You’ve got a headache. Should you go to your family doctor, your gynecologist, a neurologist, or a brain surgeon? And, depending upon which office you head to, will your insurance cover it? Then, if insurance will cover it, would it be less costly to you if you go to the medical center that’s one exit down the freeway to the right or the one that’s a bit further to the left?
No matter where you go, are there medical records you could get a hold of that you should bring? Or can someone zap them to the new doctor electronically?
There are so many questions and choices in our increasingly complicated health care world. How can you navigate it? It’s tough even for doctors and nurses when they are patients.
Often it’s unnerving. And it leaves many of us less confident that we are getting the right care and at a reasonable price.
True “patient empowerment” that teaches useful skills is not what we learn in school and it is doubtful that it is in anybody’s curriculum. But it should be.
I tried to help by writing “The Web-Savvy Patient,” which acknowledges that many people are using the Web to look for medical information and direction and need guidance on how to use what they learn, including how to discuss it with their doctor.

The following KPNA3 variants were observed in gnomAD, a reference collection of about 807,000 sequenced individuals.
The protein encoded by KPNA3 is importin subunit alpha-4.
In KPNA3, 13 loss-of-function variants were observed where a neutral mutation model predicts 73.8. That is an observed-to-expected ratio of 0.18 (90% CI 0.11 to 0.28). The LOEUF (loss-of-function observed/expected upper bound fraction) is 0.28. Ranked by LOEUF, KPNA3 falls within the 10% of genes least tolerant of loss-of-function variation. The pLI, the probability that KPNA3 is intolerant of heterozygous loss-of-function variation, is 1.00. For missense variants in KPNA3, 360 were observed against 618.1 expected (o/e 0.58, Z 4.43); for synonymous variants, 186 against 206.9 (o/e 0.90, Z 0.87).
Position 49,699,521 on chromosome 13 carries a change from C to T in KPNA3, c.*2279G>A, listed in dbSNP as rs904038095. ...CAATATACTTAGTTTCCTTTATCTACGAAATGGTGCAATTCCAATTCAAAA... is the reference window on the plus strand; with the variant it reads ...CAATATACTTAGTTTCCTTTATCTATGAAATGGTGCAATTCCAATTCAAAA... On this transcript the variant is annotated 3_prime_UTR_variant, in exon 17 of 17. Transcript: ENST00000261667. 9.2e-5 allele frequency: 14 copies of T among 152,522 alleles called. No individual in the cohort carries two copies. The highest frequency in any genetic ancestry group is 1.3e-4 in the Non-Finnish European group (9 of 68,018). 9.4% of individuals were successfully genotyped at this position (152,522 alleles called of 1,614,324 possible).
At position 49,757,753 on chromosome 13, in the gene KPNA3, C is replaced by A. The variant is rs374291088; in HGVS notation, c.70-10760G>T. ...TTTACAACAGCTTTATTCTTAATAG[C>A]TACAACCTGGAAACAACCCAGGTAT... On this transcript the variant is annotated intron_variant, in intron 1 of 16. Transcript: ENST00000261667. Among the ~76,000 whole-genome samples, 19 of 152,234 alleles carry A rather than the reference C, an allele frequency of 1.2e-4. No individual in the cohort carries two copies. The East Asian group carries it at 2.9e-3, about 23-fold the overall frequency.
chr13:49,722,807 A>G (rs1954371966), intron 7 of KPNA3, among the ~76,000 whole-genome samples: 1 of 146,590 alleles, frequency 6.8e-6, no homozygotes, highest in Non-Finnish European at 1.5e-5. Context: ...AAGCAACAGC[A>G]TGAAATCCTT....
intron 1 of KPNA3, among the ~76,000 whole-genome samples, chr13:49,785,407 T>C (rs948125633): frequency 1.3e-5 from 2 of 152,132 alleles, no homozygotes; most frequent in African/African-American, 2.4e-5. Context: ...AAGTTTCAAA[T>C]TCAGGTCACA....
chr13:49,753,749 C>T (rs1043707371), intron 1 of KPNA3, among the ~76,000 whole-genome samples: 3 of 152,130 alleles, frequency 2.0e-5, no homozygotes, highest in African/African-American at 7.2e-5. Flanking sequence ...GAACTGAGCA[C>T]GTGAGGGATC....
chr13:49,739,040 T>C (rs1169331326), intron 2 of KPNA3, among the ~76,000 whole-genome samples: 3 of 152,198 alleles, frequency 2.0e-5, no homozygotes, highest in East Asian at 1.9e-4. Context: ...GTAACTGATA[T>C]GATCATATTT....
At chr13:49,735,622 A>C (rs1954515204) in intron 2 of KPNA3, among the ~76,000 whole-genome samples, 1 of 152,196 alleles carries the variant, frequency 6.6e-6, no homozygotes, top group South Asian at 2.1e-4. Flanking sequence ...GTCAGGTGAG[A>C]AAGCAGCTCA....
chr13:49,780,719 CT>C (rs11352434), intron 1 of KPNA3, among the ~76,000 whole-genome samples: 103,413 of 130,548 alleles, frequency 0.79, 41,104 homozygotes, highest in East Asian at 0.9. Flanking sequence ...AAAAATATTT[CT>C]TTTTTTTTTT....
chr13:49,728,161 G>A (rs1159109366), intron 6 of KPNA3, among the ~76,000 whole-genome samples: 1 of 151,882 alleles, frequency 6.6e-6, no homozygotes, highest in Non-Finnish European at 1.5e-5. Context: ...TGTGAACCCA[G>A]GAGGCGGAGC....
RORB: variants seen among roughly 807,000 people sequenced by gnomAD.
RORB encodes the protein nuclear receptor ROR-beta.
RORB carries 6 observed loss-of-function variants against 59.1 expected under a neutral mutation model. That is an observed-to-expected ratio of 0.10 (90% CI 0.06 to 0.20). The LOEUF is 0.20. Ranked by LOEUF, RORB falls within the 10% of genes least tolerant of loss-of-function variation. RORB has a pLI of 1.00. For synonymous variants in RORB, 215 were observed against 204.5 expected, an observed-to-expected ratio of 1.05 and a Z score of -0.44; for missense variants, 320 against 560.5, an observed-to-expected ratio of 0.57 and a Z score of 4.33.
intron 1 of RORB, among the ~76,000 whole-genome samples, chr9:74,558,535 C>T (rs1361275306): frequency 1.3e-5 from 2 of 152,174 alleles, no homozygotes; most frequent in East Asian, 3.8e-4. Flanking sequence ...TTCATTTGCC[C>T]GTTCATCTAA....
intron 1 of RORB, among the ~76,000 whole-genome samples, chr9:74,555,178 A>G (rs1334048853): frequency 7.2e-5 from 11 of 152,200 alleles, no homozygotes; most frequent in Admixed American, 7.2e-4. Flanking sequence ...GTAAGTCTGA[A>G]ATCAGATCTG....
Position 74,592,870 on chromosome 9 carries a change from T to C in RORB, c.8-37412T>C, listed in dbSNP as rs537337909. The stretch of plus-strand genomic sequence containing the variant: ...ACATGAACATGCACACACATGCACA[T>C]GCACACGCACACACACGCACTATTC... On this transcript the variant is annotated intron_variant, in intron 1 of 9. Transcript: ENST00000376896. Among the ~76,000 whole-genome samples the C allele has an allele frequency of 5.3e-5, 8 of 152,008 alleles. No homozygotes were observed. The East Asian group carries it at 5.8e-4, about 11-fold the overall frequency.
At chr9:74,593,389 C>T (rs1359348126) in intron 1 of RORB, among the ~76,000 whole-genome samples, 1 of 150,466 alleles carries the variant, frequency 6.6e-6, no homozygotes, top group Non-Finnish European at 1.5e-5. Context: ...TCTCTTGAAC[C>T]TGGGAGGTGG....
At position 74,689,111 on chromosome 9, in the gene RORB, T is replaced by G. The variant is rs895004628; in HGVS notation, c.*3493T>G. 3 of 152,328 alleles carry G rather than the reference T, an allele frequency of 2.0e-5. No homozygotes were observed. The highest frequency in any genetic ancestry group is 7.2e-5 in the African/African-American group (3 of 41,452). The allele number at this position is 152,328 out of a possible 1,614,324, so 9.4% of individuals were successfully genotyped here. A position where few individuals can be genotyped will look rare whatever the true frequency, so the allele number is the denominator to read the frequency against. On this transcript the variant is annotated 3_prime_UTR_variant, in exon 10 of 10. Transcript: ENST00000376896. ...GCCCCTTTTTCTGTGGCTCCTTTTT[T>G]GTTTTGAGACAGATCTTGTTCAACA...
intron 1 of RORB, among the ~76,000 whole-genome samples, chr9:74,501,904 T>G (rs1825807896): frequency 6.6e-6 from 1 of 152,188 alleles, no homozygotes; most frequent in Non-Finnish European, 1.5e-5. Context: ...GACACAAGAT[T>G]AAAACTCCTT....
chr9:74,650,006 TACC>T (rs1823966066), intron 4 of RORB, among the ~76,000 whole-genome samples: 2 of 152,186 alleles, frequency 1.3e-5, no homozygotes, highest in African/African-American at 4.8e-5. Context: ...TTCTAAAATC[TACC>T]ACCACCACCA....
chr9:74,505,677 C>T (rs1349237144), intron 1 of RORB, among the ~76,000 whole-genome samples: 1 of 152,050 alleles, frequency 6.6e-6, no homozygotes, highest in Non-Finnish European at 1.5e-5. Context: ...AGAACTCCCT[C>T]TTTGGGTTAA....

One feeling I came away with while working on this project is how there are so many people out there online who want to help. You just have to be savvy about it. You need some skepticism and some “filters.”
But if you look critically on reliable websites and some Facebook group pages you will find nuggets of information that can direct you. You’ll find tips and you’ll find inspiration.
There are also some pre-eminent resources like Jane Brody’s personal health column in The New York Times, Elizabeth Cohen’s “Empowered Patient” section on CNN.com and, of course, the articles and videos made possible by EmpowHer.com and founder Michelle King Robson.